The informal fallacy of securing agreement by threatening adverse consequences in case of disagreement.

Example: "Anyone who believes that the government has exceeded its proper authority under the constitution will be subjected to severe harassment by the provincial police. Therefore, the government has not exceeded its authority."

Recommended Reading: Douglas Walton, Scare Tactics: Arguments That Appeal to Fear and Threats (Kluwer, 2000).

Also see FF and GLF.

formal cause

Structural features or attributes of a thing; one of the four causes.

Recommended Reading: Aristotle, Physics, tr. by Robin Waterfield and David Bostock (Oxford, 1999).

formal fallacy

Invalid arguments that may appear convincing at first glance because they closely resemble legitimate patterns of reasoning. Commonly occurring formal fallacies include:

four terms (quaeternio terminorum),
undistributed middle,
illicit major,
illicit minor,
exclusive premises,
affirmative conclusion from negative premises,
affirming the consequent,
denying the antecedent,
converting the conditional,
negating the antecedent and the consequent, and
affirming the alternative.

Also see FF.

Forms, Platonic {Gk. ειδη [eide]}

The pure objects of mathematical and dialectical knowledge. In the vigorous realism of Plato's middle dialogues, necessary truths are taken to involve knowledge of eternal, unchanging Forms (or Ideas). Particular things in the realm of appearance are beautiful, or equal, or good only insofar as they participate in the universal Forms of Beauty, Equality, or the Good. The doctrine of Forms was attacked in Plato's own Parmenides and by Aristotle.

Recommended Reading: The Dialogues of Plato, ed. by Eric Segal (Bantam, 1986); Gail Fine, On Ideas: Aristotle's Criticism of Plato's Theory of Forms (Clarendon, 1995); and John Malcolm, Plato on the Self-Predication of Forms: Early and Middle Dialogues (Clarendon, 1991).

Also see EB, Rose Cherubin and D. K. House.

Foucault, Michel (1926-1984)

French philosopher. As he explained in Folie et déraison (Madness and Civilization) (1961), Les Mots et les choses (The Order of Things) (1966), and L'Archéologie du savoir (The Archaeology of Knowledge) (1969), Foucault used historical investigations as a method of exposing how the structure of contemporary thought is shaped by conventional social institutions and practices, including especially the forceful marginalization of deviant behavior by discursive rationality. Surveiller et Punir (Discipline and Punish) (1975) and the unfinished Histoire de la sexualité (History of Sexuality: Introduction, Care of the Self, and The Use of Pleasure ) (1976, 1984) focus on the use of social power to circumscribe and control subjective human experience. Genuine freedom, Foucault maintained, can be achieved only through detachment from what is expected of us as "normal."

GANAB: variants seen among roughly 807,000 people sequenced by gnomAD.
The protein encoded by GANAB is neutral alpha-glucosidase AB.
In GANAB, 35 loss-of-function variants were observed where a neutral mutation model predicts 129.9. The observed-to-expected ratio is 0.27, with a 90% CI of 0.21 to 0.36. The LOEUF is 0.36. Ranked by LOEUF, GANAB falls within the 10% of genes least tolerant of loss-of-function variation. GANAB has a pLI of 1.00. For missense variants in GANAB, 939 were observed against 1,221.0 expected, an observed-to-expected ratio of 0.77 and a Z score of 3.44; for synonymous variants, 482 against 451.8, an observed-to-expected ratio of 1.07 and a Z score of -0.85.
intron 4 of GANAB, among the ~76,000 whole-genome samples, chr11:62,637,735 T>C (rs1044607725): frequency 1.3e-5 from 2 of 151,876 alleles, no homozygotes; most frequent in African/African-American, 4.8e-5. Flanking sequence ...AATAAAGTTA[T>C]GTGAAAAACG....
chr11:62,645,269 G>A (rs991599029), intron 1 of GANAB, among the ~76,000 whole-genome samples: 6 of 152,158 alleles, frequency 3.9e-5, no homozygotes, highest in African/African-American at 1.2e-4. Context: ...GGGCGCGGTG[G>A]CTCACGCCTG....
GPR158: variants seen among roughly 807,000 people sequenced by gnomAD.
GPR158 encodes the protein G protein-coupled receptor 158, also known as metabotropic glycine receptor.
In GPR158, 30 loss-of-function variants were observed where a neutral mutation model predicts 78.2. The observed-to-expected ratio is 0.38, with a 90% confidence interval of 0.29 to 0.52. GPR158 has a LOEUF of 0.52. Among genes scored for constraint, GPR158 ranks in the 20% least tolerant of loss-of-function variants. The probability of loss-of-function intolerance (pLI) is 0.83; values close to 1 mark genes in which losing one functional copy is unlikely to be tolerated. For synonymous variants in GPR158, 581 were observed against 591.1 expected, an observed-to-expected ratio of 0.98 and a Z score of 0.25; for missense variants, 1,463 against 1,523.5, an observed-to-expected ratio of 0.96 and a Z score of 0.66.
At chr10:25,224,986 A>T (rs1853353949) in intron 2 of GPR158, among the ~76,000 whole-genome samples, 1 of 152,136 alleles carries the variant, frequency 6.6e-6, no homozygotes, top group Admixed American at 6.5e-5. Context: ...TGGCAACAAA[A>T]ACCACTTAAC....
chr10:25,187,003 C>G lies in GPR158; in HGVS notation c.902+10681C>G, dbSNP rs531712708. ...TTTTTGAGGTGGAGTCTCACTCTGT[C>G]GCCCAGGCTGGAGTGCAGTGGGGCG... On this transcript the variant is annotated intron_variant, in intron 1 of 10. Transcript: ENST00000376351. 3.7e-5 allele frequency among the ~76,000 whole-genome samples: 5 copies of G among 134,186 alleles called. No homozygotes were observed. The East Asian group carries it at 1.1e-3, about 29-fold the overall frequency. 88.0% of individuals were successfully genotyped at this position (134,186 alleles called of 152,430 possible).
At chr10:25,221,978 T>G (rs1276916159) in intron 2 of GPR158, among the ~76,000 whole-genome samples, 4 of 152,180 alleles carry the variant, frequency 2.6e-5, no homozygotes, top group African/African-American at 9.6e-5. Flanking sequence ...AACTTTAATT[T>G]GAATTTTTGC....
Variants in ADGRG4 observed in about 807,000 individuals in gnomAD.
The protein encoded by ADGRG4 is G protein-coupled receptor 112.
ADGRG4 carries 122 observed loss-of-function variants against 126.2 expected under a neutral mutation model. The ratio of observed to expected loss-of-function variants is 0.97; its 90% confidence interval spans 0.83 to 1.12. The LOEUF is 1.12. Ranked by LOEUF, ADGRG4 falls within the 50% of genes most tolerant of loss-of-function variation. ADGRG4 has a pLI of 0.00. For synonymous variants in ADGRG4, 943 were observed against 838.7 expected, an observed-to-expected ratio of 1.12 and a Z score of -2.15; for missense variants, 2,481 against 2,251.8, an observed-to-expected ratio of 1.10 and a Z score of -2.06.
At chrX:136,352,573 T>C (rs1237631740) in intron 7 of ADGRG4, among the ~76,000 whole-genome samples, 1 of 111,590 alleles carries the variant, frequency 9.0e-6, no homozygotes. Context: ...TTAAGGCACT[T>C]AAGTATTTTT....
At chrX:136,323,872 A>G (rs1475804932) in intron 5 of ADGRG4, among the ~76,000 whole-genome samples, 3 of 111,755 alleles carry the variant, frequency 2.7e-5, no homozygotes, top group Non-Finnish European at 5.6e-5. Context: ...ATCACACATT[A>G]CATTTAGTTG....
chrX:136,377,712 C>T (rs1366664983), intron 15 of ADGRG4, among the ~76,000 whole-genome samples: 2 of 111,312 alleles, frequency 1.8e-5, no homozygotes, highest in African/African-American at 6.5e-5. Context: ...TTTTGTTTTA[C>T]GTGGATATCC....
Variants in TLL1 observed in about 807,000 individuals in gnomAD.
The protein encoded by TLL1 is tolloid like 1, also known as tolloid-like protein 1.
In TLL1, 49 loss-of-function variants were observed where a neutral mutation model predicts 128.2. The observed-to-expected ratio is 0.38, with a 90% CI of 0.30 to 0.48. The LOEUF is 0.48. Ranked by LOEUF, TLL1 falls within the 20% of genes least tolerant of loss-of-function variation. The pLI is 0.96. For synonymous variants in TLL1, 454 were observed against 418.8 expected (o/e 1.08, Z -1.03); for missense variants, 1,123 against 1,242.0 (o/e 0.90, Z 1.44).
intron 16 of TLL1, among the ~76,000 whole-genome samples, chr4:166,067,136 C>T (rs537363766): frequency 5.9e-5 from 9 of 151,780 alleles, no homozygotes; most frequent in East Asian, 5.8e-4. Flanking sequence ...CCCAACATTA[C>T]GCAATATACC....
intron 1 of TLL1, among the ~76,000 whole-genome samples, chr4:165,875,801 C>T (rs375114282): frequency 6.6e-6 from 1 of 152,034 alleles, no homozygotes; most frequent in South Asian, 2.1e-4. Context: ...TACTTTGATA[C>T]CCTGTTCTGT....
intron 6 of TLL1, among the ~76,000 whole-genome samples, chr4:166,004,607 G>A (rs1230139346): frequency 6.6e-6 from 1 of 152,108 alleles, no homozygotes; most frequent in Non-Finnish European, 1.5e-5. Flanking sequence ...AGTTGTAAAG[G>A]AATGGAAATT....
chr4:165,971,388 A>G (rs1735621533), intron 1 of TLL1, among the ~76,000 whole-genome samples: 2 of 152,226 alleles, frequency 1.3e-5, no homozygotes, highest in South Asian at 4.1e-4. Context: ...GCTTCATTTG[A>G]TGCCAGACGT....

Recommended Reading: The Foucault Reader, ed. by Paul Rabinow (Random House, 1984); Michel Foucault, The Birth of the Clinic: An Archaeology of Medical Perception (Vintage, 1994); Michel Foucault, Fearless Speech, ed. by Joseph Pearson (Semiotext(e), 2001); James Miller, The Passion of Michel Foucault (Harvard, 2000); Barry Smart, Michel Foucault (Routledge, 1993); Béatrice Han, Foucault's Critical Project, tr. by Edward Pile (Stanford, 2002); The Cambridge Companion to Foucault, ed. by Gary Gutting (Cambridge, 1994); Hubert L. Dreyfus, Michel Foucault: Beyond Structuralism and Hermeneutics (Chicago, 1983); Feminist Interpretations of Michel Foucault, ed. by Susan J. Hekman (Penn. State, 1996); Arnold Davidson, The Emergence of Sexuality: Historical Epistemology and the Formation of Concepts (Harvard, 2002); and Gary Gutting, Michel Foucault's Archaeology of Scientific Reason (Cambridge, 1989).

Also see Ben Attias, SEP, EB, Jeffrey Hearn, Frank Pignatelli, ELC, and Andy Blunden.

Foucher, Simon (1644-1696)

French philosopher who offered trenchant criticisms of Cartesianism, Malebranche, and Leibniz. The skeptical arguments of Foucher's Dissertation sur la recherche de la vérité (On the Search for Truth) (1673) influenced the rejection of the primary / secondary quality distinction by Bayle and Berkeley.

Recommended Reading: Richard A. Watson and Marjorie Grene, Malebranche's First and Last Critics: Simon Foucher and Dortous De Mairan (Southern Illinois, 1995).


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Last modified 26 December 2011.